In the United States, the American Medical Association (AMA) is calling for pharmacies to offer translation services, just like hospitals and physicians are required to.
It’s unbelievable that they aren’t required to already!
Understanding medical instructions like dosage and timing are essential to good health care. It only makes sense that pharmacists—especially in culturally diverse areas—be able to communicate in the language the patient understands best.
Other Countries Pharmacies Offer Translation
Other countries seem to have taken an earlier and more proactive stand on this issue. One urologist who recently traveled around the world said he was grateful to find translation services at both hospitals and pharmacies in the countries he visited.
“When Americans need medical services, they can speak to a trained translator who can assist them. I hope that the United States will provide the same level of service that other countries are providing,” said Urologist Paul Friedrichs, MD in an AMA post.
Many independent pharmacists in the United States, particularly in cities, care for a diverse, underserved population. They work to overcome language and other communication and cultural barriers every day.
Misunderstanding Medical Instructions Can Be Deadly
It can be so easy to misunderstand instructions in another language. For example, if a Spanish-speaking patient reads the English word “once” as the Spanish word for “eleven,” which is spelled the same way, he or she could potentially ingest a fatal dose of medication.
In New York City, nearly 1.8 million city residents have limited English proficiency. Those residents account for almost 22 percent of the city’s population. Many New Yorkers speak English as a second or third language and can have trouble safely following the instructions on their prescription bottles.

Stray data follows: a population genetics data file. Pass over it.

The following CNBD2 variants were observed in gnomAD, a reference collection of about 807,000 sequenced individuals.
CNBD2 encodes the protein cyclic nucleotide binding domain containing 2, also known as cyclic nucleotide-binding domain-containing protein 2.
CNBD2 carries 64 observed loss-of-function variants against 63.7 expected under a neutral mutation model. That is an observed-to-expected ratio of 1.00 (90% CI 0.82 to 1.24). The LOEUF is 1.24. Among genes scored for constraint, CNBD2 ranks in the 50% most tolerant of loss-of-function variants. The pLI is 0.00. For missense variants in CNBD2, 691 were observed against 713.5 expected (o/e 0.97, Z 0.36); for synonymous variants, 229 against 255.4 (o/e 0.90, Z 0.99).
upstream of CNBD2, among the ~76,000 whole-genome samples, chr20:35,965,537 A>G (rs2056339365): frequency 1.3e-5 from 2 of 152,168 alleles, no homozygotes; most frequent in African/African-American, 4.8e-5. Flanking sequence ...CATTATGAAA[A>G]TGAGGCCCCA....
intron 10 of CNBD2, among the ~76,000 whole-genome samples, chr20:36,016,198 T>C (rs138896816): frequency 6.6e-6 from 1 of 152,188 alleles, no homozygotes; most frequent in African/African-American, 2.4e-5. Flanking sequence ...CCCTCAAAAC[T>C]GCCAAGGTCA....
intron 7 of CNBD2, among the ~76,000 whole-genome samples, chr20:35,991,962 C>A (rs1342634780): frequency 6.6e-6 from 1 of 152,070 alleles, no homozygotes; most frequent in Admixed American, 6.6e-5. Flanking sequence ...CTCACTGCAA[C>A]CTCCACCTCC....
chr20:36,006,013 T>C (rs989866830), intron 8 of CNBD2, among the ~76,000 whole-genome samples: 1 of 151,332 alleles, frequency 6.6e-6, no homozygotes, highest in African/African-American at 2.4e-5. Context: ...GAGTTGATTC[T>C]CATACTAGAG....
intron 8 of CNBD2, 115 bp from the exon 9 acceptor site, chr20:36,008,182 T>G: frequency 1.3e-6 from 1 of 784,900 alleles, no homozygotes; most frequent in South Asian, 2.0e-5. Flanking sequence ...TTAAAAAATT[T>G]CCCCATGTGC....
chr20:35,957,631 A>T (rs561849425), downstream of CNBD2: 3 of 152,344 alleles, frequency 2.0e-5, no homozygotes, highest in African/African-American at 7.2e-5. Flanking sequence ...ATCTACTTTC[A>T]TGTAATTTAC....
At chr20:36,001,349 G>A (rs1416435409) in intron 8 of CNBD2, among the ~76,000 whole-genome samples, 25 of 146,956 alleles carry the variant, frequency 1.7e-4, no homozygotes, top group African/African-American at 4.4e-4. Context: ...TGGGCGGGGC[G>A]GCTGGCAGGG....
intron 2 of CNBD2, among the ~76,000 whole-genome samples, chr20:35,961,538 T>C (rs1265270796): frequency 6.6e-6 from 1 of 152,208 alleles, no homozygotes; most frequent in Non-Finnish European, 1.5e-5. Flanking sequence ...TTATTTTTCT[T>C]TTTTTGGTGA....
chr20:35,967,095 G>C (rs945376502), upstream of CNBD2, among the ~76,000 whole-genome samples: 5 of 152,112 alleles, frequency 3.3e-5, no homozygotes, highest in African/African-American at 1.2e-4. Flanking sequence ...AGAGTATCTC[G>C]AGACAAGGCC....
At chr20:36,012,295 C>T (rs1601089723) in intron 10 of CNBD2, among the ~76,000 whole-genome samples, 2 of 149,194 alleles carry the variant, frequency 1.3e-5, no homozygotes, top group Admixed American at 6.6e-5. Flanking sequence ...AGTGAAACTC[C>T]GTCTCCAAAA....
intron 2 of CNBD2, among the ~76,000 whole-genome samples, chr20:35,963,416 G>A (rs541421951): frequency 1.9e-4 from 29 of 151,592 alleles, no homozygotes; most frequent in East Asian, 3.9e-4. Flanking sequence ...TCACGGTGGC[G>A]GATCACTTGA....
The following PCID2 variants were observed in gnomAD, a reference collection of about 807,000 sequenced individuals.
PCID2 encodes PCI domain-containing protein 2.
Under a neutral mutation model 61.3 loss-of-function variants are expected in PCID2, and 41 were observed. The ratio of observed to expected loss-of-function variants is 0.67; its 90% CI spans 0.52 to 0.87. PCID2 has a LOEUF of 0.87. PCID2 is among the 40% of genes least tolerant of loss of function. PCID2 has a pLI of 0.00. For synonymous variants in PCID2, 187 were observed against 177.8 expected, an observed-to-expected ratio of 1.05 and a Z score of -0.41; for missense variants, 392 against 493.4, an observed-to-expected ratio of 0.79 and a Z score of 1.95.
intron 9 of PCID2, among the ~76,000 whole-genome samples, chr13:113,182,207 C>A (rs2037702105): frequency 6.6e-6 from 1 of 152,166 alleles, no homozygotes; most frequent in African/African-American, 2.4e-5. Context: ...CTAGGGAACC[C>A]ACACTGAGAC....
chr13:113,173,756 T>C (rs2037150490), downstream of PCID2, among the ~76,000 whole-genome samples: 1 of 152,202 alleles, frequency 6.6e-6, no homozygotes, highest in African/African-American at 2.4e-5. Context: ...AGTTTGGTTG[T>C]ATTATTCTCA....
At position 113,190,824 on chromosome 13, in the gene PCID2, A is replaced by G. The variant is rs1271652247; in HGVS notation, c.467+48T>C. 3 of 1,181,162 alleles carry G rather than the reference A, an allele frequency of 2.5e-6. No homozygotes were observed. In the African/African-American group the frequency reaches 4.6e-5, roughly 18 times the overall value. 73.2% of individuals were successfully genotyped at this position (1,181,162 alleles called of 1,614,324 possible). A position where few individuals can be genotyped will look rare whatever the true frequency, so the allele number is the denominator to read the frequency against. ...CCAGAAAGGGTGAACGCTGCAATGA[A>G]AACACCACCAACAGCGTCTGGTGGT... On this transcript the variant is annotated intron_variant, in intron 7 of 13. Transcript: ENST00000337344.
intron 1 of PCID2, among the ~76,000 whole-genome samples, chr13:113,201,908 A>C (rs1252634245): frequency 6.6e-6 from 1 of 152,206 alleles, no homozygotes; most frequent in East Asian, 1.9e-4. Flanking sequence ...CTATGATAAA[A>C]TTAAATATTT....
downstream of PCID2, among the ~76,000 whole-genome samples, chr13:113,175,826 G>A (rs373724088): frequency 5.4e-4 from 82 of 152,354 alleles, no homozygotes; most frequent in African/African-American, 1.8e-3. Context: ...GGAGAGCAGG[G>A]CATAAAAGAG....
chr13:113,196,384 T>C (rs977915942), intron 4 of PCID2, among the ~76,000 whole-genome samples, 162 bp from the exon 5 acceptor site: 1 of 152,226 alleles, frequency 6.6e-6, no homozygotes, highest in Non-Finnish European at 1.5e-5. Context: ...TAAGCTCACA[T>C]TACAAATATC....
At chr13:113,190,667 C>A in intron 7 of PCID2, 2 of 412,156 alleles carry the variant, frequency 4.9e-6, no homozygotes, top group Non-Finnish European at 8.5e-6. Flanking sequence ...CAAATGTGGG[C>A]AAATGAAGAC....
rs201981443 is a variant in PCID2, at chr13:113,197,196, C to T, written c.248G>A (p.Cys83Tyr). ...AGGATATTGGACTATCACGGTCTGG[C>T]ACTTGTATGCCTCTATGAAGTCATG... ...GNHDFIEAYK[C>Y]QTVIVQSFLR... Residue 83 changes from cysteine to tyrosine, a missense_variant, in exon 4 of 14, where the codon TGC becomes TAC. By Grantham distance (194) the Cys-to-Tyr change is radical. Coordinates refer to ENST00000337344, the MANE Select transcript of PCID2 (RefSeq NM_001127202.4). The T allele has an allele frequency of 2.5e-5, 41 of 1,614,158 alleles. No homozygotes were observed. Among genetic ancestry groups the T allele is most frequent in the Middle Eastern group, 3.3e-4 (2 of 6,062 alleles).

Pharmacy Translation Services In The U.S. Are Led By New York
On March 30, 2012 New York State adopted a law that will require pharmacies with eight (8) or more locations to provide interpretation and translation services to customers. It’s the first law of its kind in the United States.
But Kevin Schweers, spokesman for the United States’ National Community Pharmacists Association says the decision of whether an interpreter is needed is “best made by state pharmacy boards and individual pharmacy owners with the most information and best perspective on their patients’ needs, obstacles to taking their medication and how to overcome those obstacles to achieve optimal health outcomes.”
The U.S. Civil Rights Act of 1964 already mandates that physicians and others who receive federal funds must make interpretive services available.
iTi | Medical Interpreters
The dedicated experts at Interpreters and Translators, Inc. have extensive experience with implementing language access solutions for healthcare systems. We are HIPAA compliant and guarantee full confidentiality with every interaction between our organizations. We work with qualified and certified medical interpreters and all translators have extensive medical translation experience. You can rest easy that nothing with ever be lost in translation when you work with team iTi.
We have partnered with many healthcare systems to fully implement language services and support the training of staff. If patient satisfaction and health equity are priorities for your healthcare organization, please feel free to contact us for a complimentary consultation to assess which solution will be a great fit. 860-362-0812